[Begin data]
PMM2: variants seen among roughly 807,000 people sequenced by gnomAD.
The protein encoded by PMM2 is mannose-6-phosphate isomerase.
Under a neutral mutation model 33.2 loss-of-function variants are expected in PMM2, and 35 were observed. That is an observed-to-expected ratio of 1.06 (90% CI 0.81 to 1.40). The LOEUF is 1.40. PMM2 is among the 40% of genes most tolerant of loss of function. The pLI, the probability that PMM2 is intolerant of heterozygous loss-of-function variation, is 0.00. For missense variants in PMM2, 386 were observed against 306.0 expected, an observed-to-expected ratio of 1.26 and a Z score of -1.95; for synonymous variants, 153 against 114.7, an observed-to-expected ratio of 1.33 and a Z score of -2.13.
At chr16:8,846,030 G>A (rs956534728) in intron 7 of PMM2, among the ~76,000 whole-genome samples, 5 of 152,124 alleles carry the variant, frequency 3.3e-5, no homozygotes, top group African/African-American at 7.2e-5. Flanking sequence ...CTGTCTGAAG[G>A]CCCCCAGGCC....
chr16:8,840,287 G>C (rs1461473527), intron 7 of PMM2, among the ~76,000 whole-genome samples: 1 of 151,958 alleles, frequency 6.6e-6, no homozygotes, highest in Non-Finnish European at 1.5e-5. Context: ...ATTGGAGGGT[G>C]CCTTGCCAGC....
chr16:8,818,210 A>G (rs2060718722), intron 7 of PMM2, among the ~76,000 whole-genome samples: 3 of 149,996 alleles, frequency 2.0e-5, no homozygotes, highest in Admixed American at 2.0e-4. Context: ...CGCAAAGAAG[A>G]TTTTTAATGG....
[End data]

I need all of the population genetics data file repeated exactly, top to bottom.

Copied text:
PMM2: variants seen among roughly 807,000 people sequenced by gnomAD.
The protein encoded by PMM2 is mannose-6-phosphate isomerase.
Under a neutral mutation model 33.2 loss-of-function variants are expected in PMM2, and 35 were observed. That is an observed-to-expected ratio of 1.06 (90% CI 0.81 to 1.40). The LOEUF is 1.40. PMM2 is among the 40% of genes most tolerant of loss of function. The pLI, the probability that PMM2 is intolerant of heterozygous loss-of-function variation, is 0.00. For missense variants in PMM2, 386 were observed against 306.0 expected, an observed-to-expected ratio of 1.26 and a Z score of -1.95; for synonymous variants, 153 against 114.7, an observed-to-expected ratio of 1.33 and a Z score of -2.13.
At chr16:8,846,030 G>A (rs956534728) in intron 7 of PMM2, among the ~76,000 whole-genome samples, 5 of 152,124 alleles carry the variant, frequency 3.3e-5, no homozygotes, top group African/African-American at 7.2e-5. Flanking sequence ...CTGTCTGAAG[G>A]CCCCCAGGCC....
chr16:8,840,287 G>C (rs1461473527), intron 7 of PMM2, among the ~76,000 whole-genome samples: 1 of 151,958 alleles, frequency 6.6e-6, no homozygotes, highest in Non-Finnish European at 1.5e-5. Context: ...ATTGGAGGGT[G>C]CCTTGCCAGC....
chr16:8,818,210 A>G (rs2060718722), intron 7 of PMM2, among the ~76,000 whole-genome samples: 3 of 149,996 alleles, frequency 2.0e-5, no homozygotes, highest in Admixed American at 2.0e-4. Context: ...CGCAAAGAAG[A>G]TTTTTAATGG....